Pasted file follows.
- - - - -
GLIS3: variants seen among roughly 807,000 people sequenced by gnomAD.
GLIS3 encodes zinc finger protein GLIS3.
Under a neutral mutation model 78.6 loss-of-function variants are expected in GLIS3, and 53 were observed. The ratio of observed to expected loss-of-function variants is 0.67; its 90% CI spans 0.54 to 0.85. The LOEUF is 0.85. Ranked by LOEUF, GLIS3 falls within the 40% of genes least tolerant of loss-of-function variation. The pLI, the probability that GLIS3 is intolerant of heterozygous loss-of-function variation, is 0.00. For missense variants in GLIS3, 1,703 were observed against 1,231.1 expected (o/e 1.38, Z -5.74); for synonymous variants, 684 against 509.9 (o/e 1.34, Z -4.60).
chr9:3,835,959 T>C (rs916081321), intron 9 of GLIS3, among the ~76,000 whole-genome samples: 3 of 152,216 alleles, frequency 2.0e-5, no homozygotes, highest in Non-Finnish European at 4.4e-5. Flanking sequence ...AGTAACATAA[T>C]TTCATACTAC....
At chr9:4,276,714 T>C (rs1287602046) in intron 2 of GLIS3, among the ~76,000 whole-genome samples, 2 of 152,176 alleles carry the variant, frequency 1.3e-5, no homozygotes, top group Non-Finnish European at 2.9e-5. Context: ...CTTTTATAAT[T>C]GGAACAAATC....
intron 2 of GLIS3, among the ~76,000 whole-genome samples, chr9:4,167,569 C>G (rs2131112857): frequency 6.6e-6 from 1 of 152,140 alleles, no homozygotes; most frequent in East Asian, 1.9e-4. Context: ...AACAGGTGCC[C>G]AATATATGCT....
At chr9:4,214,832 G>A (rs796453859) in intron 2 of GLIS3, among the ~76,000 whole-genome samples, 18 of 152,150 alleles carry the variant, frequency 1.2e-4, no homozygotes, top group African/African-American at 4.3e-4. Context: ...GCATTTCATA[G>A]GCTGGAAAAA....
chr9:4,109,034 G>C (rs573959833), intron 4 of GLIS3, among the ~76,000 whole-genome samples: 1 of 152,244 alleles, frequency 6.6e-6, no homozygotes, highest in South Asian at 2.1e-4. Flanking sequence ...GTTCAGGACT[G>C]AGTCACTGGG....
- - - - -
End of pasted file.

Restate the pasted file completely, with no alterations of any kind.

GLIS3: variants seen among roughly 807,000 people sequenced by gnomAD.
GLIS3 encodes zinc finger protein GLIS3.
Under a neutral mutation model 78.6 loss-of-function variants are expected in GLIS3, and 53 were observed. The ratio of observed to expected loss-of-function variants is 0.67; its 90% CI spans 0.54 to 0.85. The LOEUF is 0.85. Ranked by LOEUF, GLIS3 falls within the 40% of genes least tolerant of loss-of-function variation. The pLI, the probability that GLIS3 is intolerant of heterozygous loss-of-function variation, is 0.00. For missense variants in GLIS3, 1,703 were observed against 1,231.1 expected (o/e 1.38, Z -5.74); for synonymous variants, 684 against 509.9 (o/e 1.34, Z -4.60).
chr9:3,835,959 T>C (rs916081321), intron 9 of GLIS3, among the ~76,000 whole-genome samples: 3 of 152,216 alleles, frequency 2.0e-5, no homozygotes, highest in Non-Finnish European at 4.4e-5. Flanking sequence ...AGTAACATAA[T>C]TTCATACTAC....
At chr9:4,276,714 T>C (rs1287602046) in intron 2 of GLIS3, among the ~76,000 whole-genome samples, 2 of 152,176 alleles carry the variant, frequency 1.3e-5, no homozygotes, top group Non-Finnish European at 2.9e-5. Context: ...CTTTTATAAT[T>C]GGAACAAATC....
intron 2 of GLIS3, among the ~76,000 whole-genome samples, chr9:4,167,569 C>G (rs2131112857): frequency 6.6e-6 from 1 of 152,140 alleles, no homozygotes; most frequent in East Asian, 1.9e-4. Context: ...AACAGGTGCC[C>G]AATATATGCT....
At chr9:4,214,832 G>A (rs796453859) in intron 2 of GLIS3, among the ~76,000 whole-genome samples, 18 of 152,150 alleles carry the variant, frequency 1.2e-4, no homozygotes, top group African/African-American at 4.3e-4. Context: ...GCATTTCATA[G>A]GCTGGAAAAA....
chr9:4,109,034 G>C (rs573959833), intron 4 of GLIS3, among the ~76,000 whole-genome samples: 1 of 152,244 alleles, frequency 6.6e-6, no homozygotes, highest in South Asian at 2.1e-4. Flanking sequence ...GTTCAGGACT[G>C]AGTCACTGGG....